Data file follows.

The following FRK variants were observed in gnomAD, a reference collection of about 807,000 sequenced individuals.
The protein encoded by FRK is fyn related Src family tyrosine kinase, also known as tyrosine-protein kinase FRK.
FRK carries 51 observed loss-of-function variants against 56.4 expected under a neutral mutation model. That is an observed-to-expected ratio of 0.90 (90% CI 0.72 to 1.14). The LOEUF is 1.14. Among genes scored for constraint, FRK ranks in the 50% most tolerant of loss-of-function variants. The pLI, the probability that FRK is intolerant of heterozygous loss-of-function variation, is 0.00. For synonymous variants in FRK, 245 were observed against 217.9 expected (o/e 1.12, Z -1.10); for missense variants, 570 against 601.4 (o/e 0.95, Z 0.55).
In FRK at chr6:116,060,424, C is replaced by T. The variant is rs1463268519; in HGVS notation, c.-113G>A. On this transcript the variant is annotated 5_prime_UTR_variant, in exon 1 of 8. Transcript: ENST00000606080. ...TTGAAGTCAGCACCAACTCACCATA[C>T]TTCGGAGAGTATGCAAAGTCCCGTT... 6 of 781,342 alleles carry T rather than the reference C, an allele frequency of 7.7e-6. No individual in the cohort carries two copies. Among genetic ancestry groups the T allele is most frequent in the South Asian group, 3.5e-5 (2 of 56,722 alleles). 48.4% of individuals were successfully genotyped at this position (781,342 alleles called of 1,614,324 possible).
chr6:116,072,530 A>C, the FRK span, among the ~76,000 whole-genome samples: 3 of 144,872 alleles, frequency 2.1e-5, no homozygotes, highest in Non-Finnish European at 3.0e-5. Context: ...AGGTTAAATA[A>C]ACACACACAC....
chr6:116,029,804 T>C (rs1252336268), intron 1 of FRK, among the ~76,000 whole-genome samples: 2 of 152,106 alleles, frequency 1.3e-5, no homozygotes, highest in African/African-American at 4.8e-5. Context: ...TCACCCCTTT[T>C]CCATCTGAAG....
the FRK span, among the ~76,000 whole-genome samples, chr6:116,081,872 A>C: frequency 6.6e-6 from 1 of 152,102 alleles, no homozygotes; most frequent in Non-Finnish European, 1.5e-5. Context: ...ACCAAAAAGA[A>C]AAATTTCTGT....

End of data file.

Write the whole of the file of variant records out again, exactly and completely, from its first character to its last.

The following FRK variants were observed in gnomAD, a reference collection of about 807,000 sequenced individuals.
The protein encoded by FRK is fyn related Src family tyrosine kinase, also known as tyrosine-protein kinase FRK.
FRK carries 51 observed loss-of-function variants against 56.4 expected under a neutral mutation model. That is an observed-to-expected ratio of 0.90 (90% CI 0.72 to 1.14). The LOEUF is 1.14. Among genes scored for constraint, FRK ranks in the 50% most tolerant of loss-of-function variants. The pLI, the probability that FRK is intolerant of heterozygous loss-of-function variation, is 0.00. For synonymous variants in FRK, 245 were observed against 217.9 expected (o/e 1.12, Z -1.10); for missense variants, 570 against 601.4 (o/e 0.95, Z 0.55).
In FRK at chr6:116,060,424, C is replaced by T. The variant is rs1463268519; in HGVS notation, c.-113G>A. On this transcript the variant is annotated 5_prime_UTR_variant, in exon 1 of 8. Transcript: ENST00000606080. ...TTGAAGTCAGCACCAACTCACCATA[C>T]TTCGGAGAGTATGCAAAGTCCCGTT... 6 of 781,342 alleles carry T rather than the reference C, an allele frequency of 7.7e-6. No individual in the cohort carries two copies. Among genetic ancestry groups the T allele is most frequent in the South Asian group, 3.5e-5 (2 of 56,722 alleles). 48.4% of individuals were successfully genotyped at this position (781,342 alleles called of 1,614,324 possible).
chr6:116,072,530 A>C, the FRK span, among the ~76,000 whole-genome samples: 3 of 144,872 alleles, frequency 2.1e-5, no homozygotes, highest in Non-Finnish European at 3.0e-5. Context: ...AGGTTAAATA[A>C]ACACACACAC....
chr6:116,029,804 T>C (rs1252336268), intron 1 of FRK, among the ~76,000 whole-genome samples: 2 of 152,106 alleles, frequency 1.3e-5, no homozygotes, highest in African/African-American at 4.8e-5. Context: ...TCACCCCTTT[T>C]CCATCTGAAG....
the FRK span, among the ~76,000 whole-genome samples, chr6:116,081,872 A>C: frequency 6.6e-6 from 1 of 152,102 alleles, no homozygotes; most frequent in Non-Finnish European, 1.5e-5. Context: ...ACCAAAAAGA[A>C]AAATTTCTGT....